Patents—entitlement and co-ownership
Patents—entitlement and co-ownership

The following IP practice note provides comprehensive and up to date legal information covering:

  • Patents—entitlement and co-ownership
  • Why ownership of IP is important
  • Patent entitlement
  • The right to apply for and obtain a patent
  • The inventor of a patent
  • Employee inventions
  • Right to be named on the patent as an inventor
  • Patent co-ownership
  • Patent entitlement proceedings
  • Entitlement proceedings—who, when and where?
  • More...

Why ownership of IP is important

A single creation can result in a number of different IP rights but the owner of each right may be different and some of the rights may be jointly owned. In order to avoid disputes regarding IP ownership it is advisable to consider ownership at the outset before a creation is made or, if this has not been done, as soon as possible after creation. The rules on ownership are complex and differ for each IP right. For more information about ownership of copyright, trade marks and designs, see Practice Notes:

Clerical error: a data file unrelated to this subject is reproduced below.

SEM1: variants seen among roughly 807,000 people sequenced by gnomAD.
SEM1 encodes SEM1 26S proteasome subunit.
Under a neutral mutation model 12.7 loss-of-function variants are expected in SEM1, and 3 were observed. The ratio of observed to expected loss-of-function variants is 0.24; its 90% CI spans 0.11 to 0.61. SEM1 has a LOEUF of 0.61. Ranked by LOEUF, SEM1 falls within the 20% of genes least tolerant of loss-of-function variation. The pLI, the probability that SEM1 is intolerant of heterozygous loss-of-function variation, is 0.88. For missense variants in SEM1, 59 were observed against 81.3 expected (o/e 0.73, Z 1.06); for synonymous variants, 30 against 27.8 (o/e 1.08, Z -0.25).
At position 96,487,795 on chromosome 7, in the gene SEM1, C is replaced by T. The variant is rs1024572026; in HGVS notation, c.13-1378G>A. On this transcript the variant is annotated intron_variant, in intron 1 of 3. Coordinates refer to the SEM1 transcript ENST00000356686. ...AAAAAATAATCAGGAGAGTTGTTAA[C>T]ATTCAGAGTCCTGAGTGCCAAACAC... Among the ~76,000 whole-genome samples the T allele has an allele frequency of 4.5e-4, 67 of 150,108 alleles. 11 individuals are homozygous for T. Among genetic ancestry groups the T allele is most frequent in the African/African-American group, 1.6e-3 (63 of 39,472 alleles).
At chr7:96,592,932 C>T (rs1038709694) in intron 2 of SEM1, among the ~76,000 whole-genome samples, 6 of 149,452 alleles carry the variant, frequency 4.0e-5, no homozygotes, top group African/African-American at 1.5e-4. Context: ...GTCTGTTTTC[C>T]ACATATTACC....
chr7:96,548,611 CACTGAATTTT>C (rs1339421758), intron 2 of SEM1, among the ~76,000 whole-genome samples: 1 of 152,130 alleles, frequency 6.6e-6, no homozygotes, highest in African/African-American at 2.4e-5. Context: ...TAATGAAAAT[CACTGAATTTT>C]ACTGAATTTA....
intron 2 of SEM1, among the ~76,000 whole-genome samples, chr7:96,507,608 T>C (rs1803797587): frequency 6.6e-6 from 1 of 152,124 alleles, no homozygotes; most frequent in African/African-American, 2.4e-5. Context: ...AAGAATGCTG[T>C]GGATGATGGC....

1. Copyright—authorship and ownership

  2. UK registered and unregistered designs

  3. Community (EU) designs

  4. Trade mark registration—strategy

The basic purpose of the patent system is to encourage innovation. In return for disclosing the details of an invention to the world, a patent owner is given the right to exclude others from making commercial use of the patented invention (ie infringing the patent) for a certain period of time, in the UK this is generally 20 years from the date of filing. For more information, see Practice Notes:

  1. Patent infringement

  2. Indirect infringement of patents

  3. Patent term, renewal and restoration

Patents and patent applications are personal property and, as such, the owner (patentee) can assign, mortgage or licence them at any stage until the patent expires, see Practice Note: Transferring patent rights.

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